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Calming the Chaos

The 8th-grade hallway has been complete chaos for its students and teachers because of the new rules that came with the new school year
Morning+Routine.+Spending+her+morning+in+the+8th-grade+hallway%2C+8th-grader+Alexa+Elmore+scrolls+through+her+phone.+Elmore+normally+gets+to+school+around+8%3A15+and+hangs+out+with+her+friends.+We+should+be+allowed+to+be+in+other+places+than+the+hallway%2C+Alexa+said%2C+if+we+could+be+in+the+cafeteria%2C+we+would+have+plenty+of+space+and+not+have+to+be+clumped+into+one+tiny+hallway.
Emma Hankins
Morning Routine. Spending her morning in the 8th-grade hallway, 8th-grader Alexa Elmore scrolls through her phone. Elmore normally gets to school around 8:15 and hangs out with her friends. “We should be allowed to be in other places than the hallway,” Alexa said, “if we could be in the cafeteria, we would have plenty of space and not have to be clumped into one tiny hallway.”

Walking down a quiet hallway, 4 large glass doors open; the deafening sound of 8th graders yelling at each other flooded out of the small hallway. Looking left and right all to see are students, on the ground, walking around, trying to be heard over the chaotic noises of their peers.

Since the start of the year, 8th graders and teachers alike have been affected by their chaotic morning in the hallway. However, 8th grade teachers such as science teacher, Kate Thomas, have been searching for a solution to the problem at hand.

“We figured it was an opportunity to allow teachers to stay close to their classrooms, so they can get their rooms ready in the morning in hopes that more students will attend tutorials.” Assistant Principal Megan Snyder said,”The hallway plan is strategic, so if students are actually doing what they should in the hallways it actually cuts down from the time spent in the halls and walking around so it eliminates any safety issues.”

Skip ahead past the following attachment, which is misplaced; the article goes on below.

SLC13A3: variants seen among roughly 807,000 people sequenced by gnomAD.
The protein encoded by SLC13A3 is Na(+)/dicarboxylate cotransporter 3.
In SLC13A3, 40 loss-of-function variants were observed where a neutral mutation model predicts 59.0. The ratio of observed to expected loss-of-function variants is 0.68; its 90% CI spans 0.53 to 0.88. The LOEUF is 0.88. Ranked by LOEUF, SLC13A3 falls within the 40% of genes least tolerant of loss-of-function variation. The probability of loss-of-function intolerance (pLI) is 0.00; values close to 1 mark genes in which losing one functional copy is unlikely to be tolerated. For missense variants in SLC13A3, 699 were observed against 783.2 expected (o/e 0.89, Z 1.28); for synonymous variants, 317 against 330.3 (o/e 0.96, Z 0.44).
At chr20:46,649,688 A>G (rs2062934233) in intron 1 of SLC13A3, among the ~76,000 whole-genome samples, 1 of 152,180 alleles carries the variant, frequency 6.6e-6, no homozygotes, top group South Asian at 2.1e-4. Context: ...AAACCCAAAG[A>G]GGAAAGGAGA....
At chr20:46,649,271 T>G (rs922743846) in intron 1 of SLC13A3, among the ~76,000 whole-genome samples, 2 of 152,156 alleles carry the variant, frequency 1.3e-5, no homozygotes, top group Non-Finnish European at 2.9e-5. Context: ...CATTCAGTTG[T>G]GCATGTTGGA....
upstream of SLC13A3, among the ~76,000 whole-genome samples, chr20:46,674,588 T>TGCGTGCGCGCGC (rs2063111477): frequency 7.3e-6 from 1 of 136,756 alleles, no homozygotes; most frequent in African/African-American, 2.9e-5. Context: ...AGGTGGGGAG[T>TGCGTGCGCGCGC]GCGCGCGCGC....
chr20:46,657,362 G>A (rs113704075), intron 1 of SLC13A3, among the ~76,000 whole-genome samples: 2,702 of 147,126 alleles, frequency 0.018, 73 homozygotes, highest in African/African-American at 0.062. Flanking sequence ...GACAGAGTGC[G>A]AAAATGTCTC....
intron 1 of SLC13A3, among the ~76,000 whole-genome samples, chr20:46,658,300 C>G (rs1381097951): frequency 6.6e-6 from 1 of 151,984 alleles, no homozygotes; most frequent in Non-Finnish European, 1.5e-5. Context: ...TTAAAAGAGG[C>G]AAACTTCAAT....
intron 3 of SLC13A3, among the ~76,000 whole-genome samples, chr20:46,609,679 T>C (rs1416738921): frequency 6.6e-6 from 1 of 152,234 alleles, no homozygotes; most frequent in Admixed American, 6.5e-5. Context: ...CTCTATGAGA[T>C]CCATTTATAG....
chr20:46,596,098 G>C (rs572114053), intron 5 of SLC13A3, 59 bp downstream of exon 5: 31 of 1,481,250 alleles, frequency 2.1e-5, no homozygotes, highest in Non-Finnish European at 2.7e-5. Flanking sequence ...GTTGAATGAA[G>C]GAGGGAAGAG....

Even though the point of starting the school day in the hallway was to help both teachers and students, things haven’t exactly gone as planned.

”We, as teachers, want tutoring time, and our students need quiet environments to focus.” Says Thomas, ”This year 8th graders have more tested subjects that require more tutoring time. So if we don’t have quiet environments it is harder for our students to grasp the concepts we are trying to teach.”

However, 8th grade teachers have been searching for solutions to their morning predicaments.

”A possible solution is for teachers to come from around the school and help monitor, which however won’t work because they are on duty monitoring the other students. Another possibility is  that students go to their first period classes and sit in their assigned seats without phones, since students aren’t allowed to use their phones in the classroom even before school. And 8th graders want social time, and we can’t keep them in one spot, so potentially they can go to the cafeteria and have 3 or 4 teachers monitor them with plenty of space to allow them to move.” Thomas said.

And, 8th grade teachers like Thomas aren’t the only ones with hallway issues, 8th grader Vivian Beeby has experienced a fair share of the effects the hallway has caused.

”Sometimes I have tennis practice in the mornings,” Vivian said,” and I normally eat afterwards, but since I’m not allowed to eat in the hall I have to eat alone in the cafeteria.”

8th graders and their teachers agree the mornings in the hall aren’t as successful as they could be, and teachers like Thomas are making attempts to cause change.

”If Mrs. Snyder says no,” Thomas said,”We will go back to the drawing board and try to come up with a plan that will make everybody happy.”

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Emma Hankins
Emma Hankins, Managing Editor
Hi, I'm Emma Hankins, managing editor for the Rewind. I enjoy spending time with my friends and family, and I appreciate being on the rewind because it allows me to connect with my peers and inform people of important events throughout our community.
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